What is a Poodle?
A Beautiful Description of the poodle taken from the book “The Popular Poodle” by Clara Browring and Alida Munro published 1953 on page 16, I quote:-
“The Poodle is the dog, Par excellence, for the discerning owner. In appearance he has come down almost unchanged through the centuries. He appears on statues in Ancient Rome; he can be seen woven into the tapestries of the fifteenth century. He has been, and is the companion of Kings , Soldiers and Statesmen. He has distinguished himself on the battlefields; he has had statues raised in his honour.
He has delighted millions through the ages with his antics in the Circus, where he walks proudly upon the stage in appearance the replica, in miniature, of the King of Beasts. Woodcutters of mediaeval times have reproduced him in their pictured, and in the last century he has graced thousands of homes in the guise of a Lord Chancellor upon the Woolsack. Gazing at humanity with all the wisdom and dignity that is inherent in the true Poodle.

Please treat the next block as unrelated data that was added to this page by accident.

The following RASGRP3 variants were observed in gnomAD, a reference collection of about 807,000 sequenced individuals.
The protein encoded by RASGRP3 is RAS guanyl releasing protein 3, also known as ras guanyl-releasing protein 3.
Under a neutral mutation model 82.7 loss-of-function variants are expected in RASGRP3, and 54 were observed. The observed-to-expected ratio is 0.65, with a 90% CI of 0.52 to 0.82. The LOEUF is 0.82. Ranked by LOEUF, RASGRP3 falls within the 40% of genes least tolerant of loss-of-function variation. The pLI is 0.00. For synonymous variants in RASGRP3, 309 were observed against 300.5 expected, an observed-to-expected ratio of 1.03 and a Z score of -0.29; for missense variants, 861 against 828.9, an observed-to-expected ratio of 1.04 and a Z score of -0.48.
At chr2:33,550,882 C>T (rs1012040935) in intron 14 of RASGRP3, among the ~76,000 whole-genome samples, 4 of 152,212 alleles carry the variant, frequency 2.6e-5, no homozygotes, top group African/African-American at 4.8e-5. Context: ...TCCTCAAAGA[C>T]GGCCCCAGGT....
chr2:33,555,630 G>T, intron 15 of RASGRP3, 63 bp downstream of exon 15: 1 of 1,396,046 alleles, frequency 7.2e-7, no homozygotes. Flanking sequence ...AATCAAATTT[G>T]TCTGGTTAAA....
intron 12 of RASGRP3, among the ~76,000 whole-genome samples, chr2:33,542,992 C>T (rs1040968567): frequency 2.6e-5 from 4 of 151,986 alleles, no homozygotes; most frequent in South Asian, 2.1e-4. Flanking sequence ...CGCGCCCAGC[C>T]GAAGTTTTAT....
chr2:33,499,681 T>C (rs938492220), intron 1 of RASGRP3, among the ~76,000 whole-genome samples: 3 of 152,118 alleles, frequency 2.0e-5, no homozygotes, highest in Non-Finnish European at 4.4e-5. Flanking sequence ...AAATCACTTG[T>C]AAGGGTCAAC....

To see him in his home, leaping, prancing, feinting, turns the mind at once to the Renaissance, and to the ancient coats of arms His ability as a sportsman is unsurpassed, as many a keeper can testify. He has beaten the Alsatian in his own field of obedience. He is bold, and he is tender. He is full of the wisdom of the ages. As his expression shows. He partakes of the gaiety of his native France whence he came in the dim past. One Poodle is known to have died on the battlefield. He is courteous to visiting dogs, but he will allow no liberties. He will not fight, but if he is attacked he will defend himself to the death.
He will herd sheep, retrieve game, protect his owner’s life and property. He will play the clown, he will grace the Show Ring, he will add gaiety to life with his zest. He will learn any tricks with apparently no effort. He has fire and intelligence in his bearing. He is unique in the Show Ring in that he is the only dog who may have his coat clipped to suit himself, with Kennel Club sanctions, whereas his brother canines are forbidden to interfere with their natural endowments except in trifling details. He dances with ease, he leaps gracefully to your arms, he surmounts walls, he tracks, he retrieves, he dies for his country –in fact he does everything but speak. In the words of the late Miss Bunker: “he has but one fault – he cannot live for ever “